Life insurance: is it missing from your plan?
Life insurance may be a cornerstone of a sound financial plan, providing potential financial stability to a surviving spouse, children, or other family members in the event of your untimely death. Sadly, many Americans have no life insurance coverage whatsoever, and of those who do, many don't have enough.1
Appreciating the importance of having adequate life insurance is one step, while assessing your own unique needs is quite another. As a starting point, determine your net earnings after taxes as well as your routine living expenses. Then take into account any outstanding debt -- such as a mortgage, education loans, or other loans -- as well as future tuition bills and how much a surviving spouse might need to adequately fund a retirement nest egg.
Generally, you'll want a benefit that will cover all of these expenses. Planning specialists sometimes say that it's a good idea to buy a policy that would provide the equivalent of five to seven times your annual salary. That standardized approach may work for some people, but in reality, your decision may not be that simple.
Term life vs. whole life insurance
Once you have an idea of the coverage you need, evaluate whether term life or whole life insurance is more appropriate for you. Term life is the more basic and less expensive form of life insurance for people under age 50. A term policy provides coverage for a predetermined period of time, typically one to 10 years. Premiums increase at the end of each term and can become prohibitively expensive for older individuals. Unlike many other policies, term insurance has no cash value. Benefits are paid only if you die during the policy's term.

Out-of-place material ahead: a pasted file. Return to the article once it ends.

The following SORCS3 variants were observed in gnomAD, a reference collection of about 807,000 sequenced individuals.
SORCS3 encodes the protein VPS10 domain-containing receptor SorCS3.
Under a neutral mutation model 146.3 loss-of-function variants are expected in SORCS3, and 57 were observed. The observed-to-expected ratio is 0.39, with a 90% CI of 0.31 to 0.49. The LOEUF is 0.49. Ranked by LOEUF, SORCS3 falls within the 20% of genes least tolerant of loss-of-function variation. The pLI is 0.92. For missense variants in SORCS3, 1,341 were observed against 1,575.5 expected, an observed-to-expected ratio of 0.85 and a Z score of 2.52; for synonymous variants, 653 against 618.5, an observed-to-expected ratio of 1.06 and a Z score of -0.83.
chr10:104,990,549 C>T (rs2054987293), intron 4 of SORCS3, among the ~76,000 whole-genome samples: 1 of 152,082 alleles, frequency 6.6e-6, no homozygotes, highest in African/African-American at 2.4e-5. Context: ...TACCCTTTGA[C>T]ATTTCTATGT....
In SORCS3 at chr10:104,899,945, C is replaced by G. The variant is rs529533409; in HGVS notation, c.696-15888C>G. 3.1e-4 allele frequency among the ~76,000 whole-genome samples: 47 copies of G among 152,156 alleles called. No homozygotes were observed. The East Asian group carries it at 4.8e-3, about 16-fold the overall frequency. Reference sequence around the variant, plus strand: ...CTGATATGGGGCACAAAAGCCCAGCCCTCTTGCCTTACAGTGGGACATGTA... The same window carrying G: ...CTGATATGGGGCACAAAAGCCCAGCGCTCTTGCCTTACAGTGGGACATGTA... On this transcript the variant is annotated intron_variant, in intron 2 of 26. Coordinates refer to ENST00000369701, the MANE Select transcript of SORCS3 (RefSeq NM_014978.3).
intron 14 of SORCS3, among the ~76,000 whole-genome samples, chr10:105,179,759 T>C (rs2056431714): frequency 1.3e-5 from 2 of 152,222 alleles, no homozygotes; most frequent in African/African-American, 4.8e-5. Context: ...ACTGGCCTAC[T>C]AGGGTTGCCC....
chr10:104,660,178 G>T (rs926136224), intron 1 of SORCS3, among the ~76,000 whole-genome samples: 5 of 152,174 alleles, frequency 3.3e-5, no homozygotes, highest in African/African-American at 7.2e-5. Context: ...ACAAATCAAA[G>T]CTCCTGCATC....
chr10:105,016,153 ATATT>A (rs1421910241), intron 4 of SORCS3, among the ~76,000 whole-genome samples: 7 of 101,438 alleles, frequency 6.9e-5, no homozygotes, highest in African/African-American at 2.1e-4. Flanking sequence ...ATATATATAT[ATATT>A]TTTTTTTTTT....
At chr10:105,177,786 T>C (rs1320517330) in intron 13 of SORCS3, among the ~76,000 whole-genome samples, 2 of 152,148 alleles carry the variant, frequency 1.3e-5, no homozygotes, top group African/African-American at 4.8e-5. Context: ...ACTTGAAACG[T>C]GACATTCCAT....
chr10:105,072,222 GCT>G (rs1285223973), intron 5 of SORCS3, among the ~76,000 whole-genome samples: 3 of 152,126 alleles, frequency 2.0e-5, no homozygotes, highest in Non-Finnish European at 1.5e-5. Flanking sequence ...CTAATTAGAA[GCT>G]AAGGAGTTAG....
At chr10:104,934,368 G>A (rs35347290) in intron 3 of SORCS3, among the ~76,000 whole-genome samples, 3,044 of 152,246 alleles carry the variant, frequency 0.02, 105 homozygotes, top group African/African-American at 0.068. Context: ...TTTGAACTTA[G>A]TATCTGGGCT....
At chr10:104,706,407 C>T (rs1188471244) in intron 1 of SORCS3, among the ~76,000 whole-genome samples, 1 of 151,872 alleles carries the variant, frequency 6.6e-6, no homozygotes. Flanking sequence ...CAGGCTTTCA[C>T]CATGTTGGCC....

Whole Life combines permanent protection with a savings component. As long as you continue to pay the premiums, you are able to lock in coverage at a level premium rate. Part of that premium accrues as cash value. As the policy gains value, you may be able to borrow up to 90% of your policy's cash value tax free, although loans reduce the policy's death benefit and cash value, and may trigger a taxable event if the policy lapses.
Potential uses throughout life
While ensuring the financial security of loved ones is a critical use of life insurance, there are other ways it might be used to meet planning goals throughout the stages of one's life. For instance, people in their peak earning years may use life insurance to help protect their wealth while potentially accumulating additional tax-deferred assets. Older people might consider using life insurance as an integral part of an estate planning strategy designed to pass wealth to future generations -- and less to Uncle Sam.
Determining the right type and amount of life insurance coverage you need is easier said than done. To make the most accurate assessment, contact your financial advisor or insurance agent.
1Life insurance policies are subject to substantial fees and charges. Death benefit guarantees are subject to the claims-paying ability of the issuing life insurance company. Loans will reduce the policy's death benefit and cash surrender value and have tax consequences if the policy lapses.
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